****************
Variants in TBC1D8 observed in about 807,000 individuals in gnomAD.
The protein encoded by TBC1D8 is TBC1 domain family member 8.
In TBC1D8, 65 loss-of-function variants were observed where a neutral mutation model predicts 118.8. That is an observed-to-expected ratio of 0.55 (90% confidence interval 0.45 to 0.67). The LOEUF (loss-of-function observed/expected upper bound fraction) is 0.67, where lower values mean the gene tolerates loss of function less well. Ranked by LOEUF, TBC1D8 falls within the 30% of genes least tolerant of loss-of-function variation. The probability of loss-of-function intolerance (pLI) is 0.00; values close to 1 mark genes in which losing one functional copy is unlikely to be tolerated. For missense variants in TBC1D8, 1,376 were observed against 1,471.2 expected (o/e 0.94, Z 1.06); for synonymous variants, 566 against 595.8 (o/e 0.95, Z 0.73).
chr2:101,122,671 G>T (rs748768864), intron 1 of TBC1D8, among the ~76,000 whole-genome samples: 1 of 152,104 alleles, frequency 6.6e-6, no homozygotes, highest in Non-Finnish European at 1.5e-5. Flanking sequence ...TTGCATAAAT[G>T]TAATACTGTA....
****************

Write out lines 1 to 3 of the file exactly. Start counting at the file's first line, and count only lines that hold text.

Variants in TBC1D8 observed in about 807,000 individuals in gnomAD.
The protein encoded by TBC1D8 is TBC1 domain family member 8.
In TBC1D8, 65 loss-of-function variants were observed where a neutral mutation model predicts 118.8. That is an observed-to-expected ratio of 0.55 (90% confidence interval 0.45 to 0.67). The LOEUF (loss-of-function observed/expected upper bound fraction) is 0.67, where lower values mean the gene tolerates loss of function less well. Ranked by LOEUF, TBC1D8 falls within the 30% of genes least tolerant of loss-of-function variation. The probability of loss-of-function intolerance (pLI) is 0.00; values close to 1 mark genes in which losing one functional copy is unlikely to be tolerated. For missense variants in TBC1D8, 1,376 were observed against 1,471.2 expected (o/e 0.94, Z 1.06); for synonymous variants, 566 against 595.8 (o/e 0.95, Z 0.73).